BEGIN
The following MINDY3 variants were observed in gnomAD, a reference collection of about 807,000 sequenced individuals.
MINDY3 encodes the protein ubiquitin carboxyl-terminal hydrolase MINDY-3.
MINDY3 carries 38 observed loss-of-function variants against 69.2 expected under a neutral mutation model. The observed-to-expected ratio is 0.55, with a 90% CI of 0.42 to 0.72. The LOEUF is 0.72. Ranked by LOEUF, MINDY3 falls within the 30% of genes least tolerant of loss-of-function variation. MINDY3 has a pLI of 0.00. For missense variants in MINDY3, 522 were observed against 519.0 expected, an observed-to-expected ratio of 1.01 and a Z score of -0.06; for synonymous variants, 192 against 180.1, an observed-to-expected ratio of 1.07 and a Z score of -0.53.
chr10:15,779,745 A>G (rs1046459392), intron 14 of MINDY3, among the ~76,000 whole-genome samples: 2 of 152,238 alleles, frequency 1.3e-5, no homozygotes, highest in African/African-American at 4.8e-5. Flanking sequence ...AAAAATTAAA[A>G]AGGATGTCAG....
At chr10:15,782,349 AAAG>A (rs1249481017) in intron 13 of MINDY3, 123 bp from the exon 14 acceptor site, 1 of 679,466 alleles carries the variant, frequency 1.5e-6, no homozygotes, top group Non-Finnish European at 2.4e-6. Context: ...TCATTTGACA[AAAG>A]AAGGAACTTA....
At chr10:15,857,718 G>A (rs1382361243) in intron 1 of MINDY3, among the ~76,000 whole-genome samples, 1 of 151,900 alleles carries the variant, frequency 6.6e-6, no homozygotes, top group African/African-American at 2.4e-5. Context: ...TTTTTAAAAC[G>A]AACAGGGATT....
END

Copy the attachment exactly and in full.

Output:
The following MINDY3 variants were observed in gnomAD, a reference collection of about 807,000 sequenced individuals.
MINDY3 encodes the protein ubiquitin carboxyl-terminal hydrolase MINDY-3.
MINDY3 carries 38 observed loss-of-function variants against 69.2 expected under a neutral mutation model. The observed-to-expected ratio is 0.55, with a 90% CI of 0.42 to 0.72. The LOEUF is 0.72. Ranked by LOEUF, MINDY3 falls within the 30% of genes least tolerant of loss-of-function variation. MINDY3 has a pLI of 0.00. For missense variants in MINDY3, 522 were observed against 519.0 expected, an observed-to-expected ratio of 1.01 and a Z score of -0.06; for synonymous variants, 192 against 180.1, an observed-to-expected ratio of 1.07 and a Z score of -0.53.
chr10:15,779,745 A>G (rs1046459392), intron 14 of MINDY3, among the ~76,000 whole-genome samples: 2 of 152,238 alleles, frequency 1.3e-5, no homozygotes, highest in African/African-American at 4.8e-5. Flanking sequence ...AAAAATTAAA[A>G]AGGATGTCAG....
At chr10:15,782,349 AAAG>A (rs1249481017) in intron 13 of MINDY3, 123 bp from the exon 14 acceptor site, 1 of 679,466 alleles carries the variant, frequency 1.5e-6, no homozygotes, top group Non-Finnish European at 2.4e-6. Context: ...TCATTTGACA[AAAG>A]AAGGAACTTA....
At chr10:15,857,718 G>A (rs1382361243) in intron 1 of MINDY3, among the ~76,000 whole-genome samples, 1 of 151,900 alleles carries the variant, frequency 6.6e-6, no homozygotes, top group African/African-American at 2.4e-5. Context: ...TTTTTAAAAC[G>A]AACAGGGATT....